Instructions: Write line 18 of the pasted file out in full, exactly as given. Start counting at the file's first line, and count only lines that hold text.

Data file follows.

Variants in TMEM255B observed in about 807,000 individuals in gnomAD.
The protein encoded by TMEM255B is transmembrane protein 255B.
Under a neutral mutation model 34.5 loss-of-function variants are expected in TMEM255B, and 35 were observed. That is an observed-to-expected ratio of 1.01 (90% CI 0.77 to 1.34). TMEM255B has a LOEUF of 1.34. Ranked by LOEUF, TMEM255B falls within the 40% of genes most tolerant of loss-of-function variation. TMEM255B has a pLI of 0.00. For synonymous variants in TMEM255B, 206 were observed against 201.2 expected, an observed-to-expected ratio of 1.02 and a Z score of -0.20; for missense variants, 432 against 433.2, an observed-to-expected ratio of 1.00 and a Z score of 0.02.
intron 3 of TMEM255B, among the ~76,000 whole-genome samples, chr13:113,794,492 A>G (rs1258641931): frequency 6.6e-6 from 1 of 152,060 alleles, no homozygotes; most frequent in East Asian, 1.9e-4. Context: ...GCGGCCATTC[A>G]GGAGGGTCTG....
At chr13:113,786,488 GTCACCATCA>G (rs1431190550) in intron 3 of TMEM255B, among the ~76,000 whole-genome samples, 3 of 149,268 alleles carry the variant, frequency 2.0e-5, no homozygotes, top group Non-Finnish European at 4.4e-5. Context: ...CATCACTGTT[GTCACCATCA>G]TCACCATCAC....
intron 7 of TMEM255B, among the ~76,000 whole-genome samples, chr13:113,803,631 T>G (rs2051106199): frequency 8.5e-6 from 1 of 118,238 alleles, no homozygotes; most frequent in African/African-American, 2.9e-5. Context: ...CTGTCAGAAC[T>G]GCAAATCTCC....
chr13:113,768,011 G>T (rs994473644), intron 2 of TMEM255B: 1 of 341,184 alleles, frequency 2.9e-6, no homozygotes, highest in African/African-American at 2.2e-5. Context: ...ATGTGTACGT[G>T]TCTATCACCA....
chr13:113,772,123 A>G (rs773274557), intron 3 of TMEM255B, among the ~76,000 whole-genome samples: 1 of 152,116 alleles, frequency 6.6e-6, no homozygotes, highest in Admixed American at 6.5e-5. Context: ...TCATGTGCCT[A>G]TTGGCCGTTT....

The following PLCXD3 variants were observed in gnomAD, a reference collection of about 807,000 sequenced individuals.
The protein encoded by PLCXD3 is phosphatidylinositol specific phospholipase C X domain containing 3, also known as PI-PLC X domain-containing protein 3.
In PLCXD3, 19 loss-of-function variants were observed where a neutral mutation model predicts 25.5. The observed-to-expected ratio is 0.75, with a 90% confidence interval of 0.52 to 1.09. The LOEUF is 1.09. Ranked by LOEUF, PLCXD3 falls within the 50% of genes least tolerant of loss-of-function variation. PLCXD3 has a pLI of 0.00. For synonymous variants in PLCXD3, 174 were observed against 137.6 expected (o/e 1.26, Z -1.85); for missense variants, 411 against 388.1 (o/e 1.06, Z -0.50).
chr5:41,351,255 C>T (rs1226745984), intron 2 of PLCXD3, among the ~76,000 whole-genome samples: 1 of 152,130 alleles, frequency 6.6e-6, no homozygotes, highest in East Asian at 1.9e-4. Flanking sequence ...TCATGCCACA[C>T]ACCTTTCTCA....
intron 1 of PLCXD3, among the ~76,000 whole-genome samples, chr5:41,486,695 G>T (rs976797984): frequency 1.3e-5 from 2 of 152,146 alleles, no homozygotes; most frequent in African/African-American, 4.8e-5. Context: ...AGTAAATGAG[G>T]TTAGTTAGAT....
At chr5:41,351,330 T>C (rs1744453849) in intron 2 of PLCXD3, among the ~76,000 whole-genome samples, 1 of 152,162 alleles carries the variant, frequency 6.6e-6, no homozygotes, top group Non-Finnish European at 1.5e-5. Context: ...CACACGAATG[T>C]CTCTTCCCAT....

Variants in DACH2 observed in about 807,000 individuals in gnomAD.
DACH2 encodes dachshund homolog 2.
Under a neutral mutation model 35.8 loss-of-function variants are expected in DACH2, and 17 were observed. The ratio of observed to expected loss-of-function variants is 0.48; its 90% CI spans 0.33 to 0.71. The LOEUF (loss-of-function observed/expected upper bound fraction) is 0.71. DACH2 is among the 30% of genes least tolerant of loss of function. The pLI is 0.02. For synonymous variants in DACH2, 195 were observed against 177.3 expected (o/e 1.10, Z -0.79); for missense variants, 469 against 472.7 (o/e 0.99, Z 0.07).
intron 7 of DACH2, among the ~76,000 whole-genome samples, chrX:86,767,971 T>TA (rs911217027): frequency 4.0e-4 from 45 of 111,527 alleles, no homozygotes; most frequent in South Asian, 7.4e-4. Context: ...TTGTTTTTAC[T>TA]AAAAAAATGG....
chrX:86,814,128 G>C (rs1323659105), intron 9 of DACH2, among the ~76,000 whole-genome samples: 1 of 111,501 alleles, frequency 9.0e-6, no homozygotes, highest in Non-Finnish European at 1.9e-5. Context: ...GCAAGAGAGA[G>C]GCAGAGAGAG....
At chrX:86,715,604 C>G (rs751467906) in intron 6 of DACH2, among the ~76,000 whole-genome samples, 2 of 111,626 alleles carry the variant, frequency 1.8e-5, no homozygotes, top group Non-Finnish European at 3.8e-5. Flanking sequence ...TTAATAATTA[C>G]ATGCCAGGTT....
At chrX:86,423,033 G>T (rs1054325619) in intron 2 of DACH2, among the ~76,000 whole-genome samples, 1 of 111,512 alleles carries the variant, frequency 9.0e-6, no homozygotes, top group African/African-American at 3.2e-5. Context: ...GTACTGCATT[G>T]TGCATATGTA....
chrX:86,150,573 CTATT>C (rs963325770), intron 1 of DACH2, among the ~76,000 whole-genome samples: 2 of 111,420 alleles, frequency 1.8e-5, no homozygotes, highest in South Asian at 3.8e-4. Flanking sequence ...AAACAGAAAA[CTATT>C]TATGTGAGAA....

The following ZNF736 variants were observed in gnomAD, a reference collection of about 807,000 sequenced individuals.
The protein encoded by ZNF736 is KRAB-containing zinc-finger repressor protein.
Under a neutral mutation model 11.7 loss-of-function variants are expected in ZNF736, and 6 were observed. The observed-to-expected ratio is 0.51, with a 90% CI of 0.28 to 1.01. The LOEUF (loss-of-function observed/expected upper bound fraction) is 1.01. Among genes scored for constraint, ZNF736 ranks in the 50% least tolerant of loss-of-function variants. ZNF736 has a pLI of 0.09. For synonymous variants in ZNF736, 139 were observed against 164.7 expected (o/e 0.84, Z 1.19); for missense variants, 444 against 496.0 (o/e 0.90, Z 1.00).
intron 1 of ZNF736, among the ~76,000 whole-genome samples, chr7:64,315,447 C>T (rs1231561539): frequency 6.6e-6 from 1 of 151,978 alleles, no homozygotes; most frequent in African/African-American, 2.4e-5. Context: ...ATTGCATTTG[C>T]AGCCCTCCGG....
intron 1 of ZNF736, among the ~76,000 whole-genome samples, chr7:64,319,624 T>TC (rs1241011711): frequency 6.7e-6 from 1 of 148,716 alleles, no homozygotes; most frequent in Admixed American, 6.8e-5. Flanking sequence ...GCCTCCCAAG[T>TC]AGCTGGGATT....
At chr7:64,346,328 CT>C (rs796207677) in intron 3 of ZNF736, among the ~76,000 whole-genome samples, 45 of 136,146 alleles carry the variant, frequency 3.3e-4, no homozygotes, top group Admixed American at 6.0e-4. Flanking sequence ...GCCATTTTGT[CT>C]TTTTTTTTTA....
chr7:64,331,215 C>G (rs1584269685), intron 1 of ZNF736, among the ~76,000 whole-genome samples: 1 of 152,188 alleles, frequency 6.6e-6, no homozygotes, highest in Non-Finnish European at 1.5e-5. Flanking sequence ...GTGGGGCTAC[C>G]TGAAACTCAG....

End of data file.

intron 7 of DACH2, among the ~76,000 whole-genome samples, chrX:86,767,971 T>TA (rs911217027): frequency 4.0e-4 from 45 of 111,527 alleles, no homozygotes; most frequent in South Asian, 7.4e-4. Context: ...TTGTTTTTAC[T>TA]AAAAAAATGG....